Format: Articles

Subject: Publications

Images of Embryos in Life Magazine in the 1950s

Embryonic images displayed in Life magazine during the mid-twentieth century serve as a representation of technological advances and the growing public interest in the stages of embryological development. These black-and-white photographs portray skeletal structures and intact bodies of chicken embryos and human embryos and fetuses obtained from collections belonging to universities and medical institutions.

Format: Articles

Subject: Outreach, Publications, Reproduction

“Consensus on the Current Management of Endometriosis” (2013), by Neil P. Johnson and Lone Hummelshoj

“Consensus on the Current Management of Endometriosis”, henceforth “Consensus”, was written by the World Endometriosis Society, or WES, president Neil P. Johnson and chief executive Lone Hummelshoj and published in 2013 in Human Reproduction. “Consensus” makes recommendations about managing endometriosis for women and healthcare professionals. Endometriosis is a condition where endometrium, the tissue that usually lines the uterus, grows outside of the uterus and is characterized by painful periods, heavy menstrual bleeding, and infertility.

Format: Articles

Subject: Publications

40 Weeks (2014)

In 2014, Big Belli, a media and social networking brand, released a documentary called 40 Weeks online. The documentary, directed by Christopher Henze, followed multiple women during their pregnancies. The film predominantly features three women, though it includes the stories of many. Throughout the film, women detail their accounts of the physical and emotional changes that occur during pregnancy.

Format: Articles

Subject: Publications

"Limitations in Abortion Legislation: A Comparative Study" (2007), by Orli Lotan

Written by Orli Lotan on behalf of the Knesset (Israeli Parliament) Center for Research and Information, "Limitations in Abortion Legislation: A Comparative Study" (hereafter abbreviated "Legislation") examines abortion legislation in Israel, the US, Canada, and a number of European countries. The study also acknowledges the medical, moral, ethical, and religious implications of abortion and the impact of such legislation on society in each country.

Format: Articles

Subject: Publications, Legal, Reproduction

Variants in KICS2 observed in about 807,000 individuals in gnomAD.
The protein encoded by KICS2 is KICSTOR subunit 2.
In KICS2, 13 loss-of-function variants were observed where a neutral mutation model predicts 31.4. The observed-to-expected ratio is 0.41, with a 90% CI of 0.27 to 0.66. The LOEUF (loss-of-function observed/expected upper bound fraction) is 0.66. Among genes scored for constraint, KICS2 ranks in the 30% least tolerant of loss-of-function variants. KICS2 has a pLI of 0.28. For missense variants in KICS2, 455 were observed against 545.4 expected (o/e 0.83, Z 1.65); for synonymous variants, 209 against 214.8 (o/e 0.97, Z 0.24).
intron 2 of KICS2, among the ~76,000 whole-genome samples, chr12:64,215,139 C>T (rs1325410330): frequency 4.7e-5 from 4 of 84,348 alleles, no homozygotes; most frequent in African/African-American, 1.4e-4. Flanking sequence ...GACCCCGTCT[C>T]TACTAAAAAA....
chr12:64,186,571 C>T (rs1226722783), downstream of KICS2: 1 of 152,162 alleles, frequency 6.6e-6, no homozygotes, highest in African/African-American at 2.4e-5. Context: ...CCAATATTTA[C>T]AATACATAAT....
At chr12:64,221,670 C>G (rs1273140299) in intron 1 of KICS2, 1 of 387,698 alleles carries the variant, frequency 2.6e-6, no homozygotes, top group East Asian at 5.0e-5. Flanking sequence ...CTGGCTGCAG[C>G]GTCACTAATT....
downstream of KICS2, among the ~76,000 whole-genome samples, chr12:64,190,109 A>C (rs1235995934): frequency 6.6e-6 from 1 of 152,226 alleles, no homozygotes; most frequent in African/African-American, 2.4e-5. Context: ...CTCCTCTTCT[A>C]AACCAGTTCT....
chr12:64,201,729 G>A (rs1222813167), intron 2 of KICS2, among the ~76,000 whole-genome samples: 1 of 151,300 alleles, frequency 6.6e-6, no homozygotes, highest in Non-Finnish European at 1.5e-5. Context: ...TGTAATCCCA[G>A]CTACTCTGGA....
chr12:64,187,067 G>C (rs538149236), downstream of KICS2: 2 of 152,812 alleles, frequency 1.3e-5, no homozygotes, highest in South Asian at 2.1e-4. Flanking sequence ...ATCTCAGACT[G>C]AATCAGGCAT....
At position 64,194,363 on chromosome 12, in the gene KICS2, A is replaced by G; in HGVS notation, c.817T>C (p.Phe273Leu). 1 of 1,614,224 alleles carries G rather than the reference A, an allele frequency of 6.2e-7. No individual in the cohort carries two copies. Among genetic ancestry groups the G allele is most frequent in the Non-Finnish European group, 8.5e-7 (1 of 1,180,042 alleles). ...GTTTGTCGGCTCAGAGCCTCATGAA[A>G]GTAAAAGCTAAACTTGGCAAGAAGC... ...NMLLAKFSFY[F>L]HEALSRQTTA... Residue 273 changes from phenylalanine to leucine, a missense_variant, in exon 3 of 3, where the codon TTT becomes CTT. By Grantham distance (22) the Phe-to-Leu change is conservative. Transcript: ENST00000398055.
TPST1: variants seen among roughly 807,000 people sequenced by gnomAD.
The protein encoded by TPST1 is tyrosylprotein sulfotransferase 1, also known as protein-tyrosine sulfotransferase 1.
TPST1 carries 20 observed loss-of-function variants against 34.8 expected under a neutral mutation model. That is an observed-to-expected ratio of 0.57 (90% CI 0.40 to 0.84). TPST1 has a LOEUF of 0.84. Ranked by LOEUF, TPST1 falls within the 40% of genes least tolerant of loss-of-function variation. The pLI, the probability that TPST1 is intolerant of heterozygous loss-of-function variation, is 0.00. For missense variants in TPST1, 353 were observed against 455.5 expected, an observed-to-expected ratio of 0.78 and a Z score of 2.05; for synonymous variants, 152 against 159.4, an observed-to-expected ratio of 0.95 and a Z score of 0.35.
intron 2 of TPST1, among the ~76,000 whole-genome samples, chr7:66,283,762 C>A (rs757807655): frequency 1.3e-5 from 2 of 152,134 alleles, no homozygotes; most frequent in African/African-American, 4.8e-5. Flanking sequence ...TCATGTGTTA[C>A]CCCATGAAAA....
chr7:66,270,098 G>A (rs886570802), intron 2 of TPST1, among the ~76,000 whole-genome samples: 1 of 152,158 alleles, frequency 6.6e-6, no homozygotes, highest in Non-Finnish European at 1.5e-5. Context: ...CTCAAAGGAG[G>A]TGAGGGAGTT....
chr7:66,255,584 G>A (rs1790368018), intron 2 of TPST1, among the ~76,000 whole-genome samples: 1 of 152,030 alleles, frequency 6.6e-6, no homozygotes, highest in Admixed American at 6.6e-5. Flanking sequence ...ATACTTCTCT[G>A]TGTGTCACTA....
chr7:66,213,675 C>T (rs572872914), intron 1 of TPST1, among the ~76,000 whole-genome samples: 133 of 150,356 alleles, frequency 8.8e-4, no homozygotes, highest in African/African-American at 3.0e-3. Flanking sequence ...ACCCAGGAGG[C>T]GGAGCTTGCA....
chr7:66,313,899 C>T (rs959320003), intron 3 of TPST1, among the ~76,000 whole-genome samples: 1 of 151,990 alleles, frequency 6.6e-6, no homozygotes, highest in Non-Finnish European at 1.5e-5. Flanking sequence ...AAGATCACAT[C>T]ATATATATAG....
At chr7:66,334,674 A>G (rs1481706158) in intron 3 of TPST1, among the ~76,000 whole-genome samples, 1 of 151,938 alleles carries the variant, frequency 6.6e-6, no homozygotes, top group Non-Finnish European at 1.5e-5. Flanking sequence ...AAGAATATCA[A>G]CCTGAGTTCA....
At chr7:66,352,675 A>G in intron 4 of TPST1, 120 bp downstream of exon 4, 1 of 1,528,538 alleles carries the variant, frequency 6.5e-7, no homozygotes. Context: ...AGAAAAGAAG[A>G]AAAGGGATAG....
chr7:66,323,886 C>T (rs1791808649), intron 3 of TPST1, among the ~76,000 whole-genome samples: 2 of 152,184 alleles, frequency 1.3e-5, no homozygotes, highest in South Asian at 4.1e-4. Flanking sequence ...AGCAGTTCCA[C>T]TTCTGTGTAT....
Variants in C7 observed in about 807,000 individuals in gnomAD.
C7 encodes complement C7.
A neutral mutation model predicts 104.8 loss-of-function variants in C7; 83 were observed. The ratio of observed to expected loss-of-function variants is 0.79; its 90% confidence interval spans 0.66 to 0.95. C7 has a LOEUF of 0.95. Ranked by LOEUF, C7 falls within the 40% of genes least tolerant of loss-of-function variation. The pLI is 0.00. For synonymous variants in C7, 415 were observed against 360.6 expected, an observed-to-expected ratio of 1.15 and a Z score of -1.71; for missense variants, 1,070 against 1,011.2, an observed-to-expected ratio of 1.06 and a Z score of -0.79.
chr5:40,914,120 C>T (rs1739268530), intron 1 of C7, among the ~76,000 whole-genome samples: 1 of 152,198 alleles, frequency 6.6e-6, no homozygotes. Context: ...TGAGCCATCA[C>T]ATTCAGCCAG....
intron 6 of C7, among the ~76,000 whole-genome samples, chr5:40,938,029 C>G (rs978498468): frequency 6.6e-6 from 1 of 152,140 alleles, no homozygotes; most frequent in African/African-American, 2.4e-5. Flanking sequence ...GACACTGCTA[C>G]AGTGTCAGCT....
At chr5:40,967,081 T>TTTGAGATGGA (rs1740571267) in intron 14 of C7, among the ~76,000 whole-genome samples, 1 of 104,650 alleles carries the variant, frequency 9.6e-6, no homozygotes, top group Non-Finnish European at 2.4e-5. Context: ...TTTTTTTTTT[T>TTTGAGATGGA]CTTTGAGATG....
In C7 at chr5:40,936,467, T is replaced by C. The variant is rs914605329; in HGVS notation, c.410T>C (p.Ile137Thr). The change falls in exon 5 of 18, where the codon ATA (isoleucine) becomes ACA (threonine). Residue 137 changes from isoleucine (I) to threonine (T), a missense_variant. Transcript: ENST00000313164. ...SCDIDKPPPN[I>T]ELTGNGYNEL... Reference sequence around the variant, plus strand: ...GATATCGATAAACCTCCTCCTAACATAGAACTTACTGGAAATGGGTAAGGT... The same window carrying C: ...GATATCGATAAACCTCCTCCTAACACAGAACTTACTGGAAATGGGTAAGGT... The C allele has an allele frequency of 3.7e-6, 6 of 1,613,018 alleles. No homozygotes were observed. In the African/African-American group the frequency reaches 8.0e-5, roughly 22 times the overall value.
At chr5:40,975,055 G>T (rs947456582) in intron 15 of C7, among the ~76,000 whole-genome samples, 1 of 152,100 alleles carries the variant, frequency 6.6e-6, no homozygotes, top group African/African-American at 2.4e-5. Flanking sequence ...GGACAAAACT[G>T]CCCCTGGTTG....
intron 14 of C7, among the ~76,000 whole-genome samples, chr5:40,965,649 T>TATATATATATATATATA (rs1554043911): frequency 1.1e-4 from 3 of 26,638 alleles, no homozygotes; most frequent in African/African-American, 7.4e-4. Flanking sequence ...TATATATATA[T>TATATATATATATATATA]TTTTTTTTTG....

"Induction and Patterning of the Primitive Streak, an Organizing Center of Gastrulation in the Amniote" (2004), by Takashi Mikawa, Alisa M. Poh, Kristine A. Kelly, Yasuo Ishii, and David E. Reese

"Induction and Patterning of the Primitive Streak, an Organizing Center of Gastrulation in the Amniote," (hereafter referred to as "Induction") examines the mechanisms underlying early amniote gastrulation and the formation of the primitive streak and midline axis. The review, authored by Takashi Mikawa and colleagues at Cornell University Medical College, was published in Developmental Dynamics in 2004.

Format: Articles

Subject: Publications

“Guideline for the Study and Evaluation of Gender Differences in the Clinical Evaluation of Drugs” (July 1993), by the United States Food and Drug Administration

The US Food and Drug Administration, or FDA, published the “Guideline for the Study and Evaluation of Gender Differences in the Clinical Evaluation of Drugs,” henceforth “Study of Gender Differences,” in July 1993. The document defined acceptable practices for investigators studying new drugs. Prior to 1993, investigators excluded most women from clinical trials because in 1977, the FDA recommended that anyone who could possibly become pregnant be excluded from early phase drug research to minimize risk to a potential fetus.

Format: Articles

Subject: Publications

Anatomia Uteri Humani Gravidi Tabulis Illustrata (The Anatomy of the Human Gravid Uterus Exhibited in Figures) (1774), by William Hunter

William Hunter’s Anatomia Uteri Humani Gravidi Tabulis Illustrata (The Anatomy of the Human Gravid Uterus Exhibited in Figures), hereafter called The Human Gravid Uterus, is an anatomical atlas depicting the pregnant form through both engravings and descriptions. William Hunter, an anatomist working in England during the eighteenth century, compiled the work based on observations from his dissections of pregnant women.

Format: Articles

Subject: Publications

"The Environment and Disease: Association or Causation?" (1965), by Austin Bradford Hill

In 1965, Austin Bradford Hill published the article “The Environment and Disease: Association or Causation?” in the Proceedings of the Royal Society of Medicine. In the article, Hill describes nine criteria to determine if an environmental factor, especially a condition or hazard in a work environment, causes an illness. The article arose from an inaugural presidential address Hill gave at the 1965 meeting of the Section of Occupational Medicine of the Royal Society of Medicine in London, England.

Format: Articles

Subject: Publications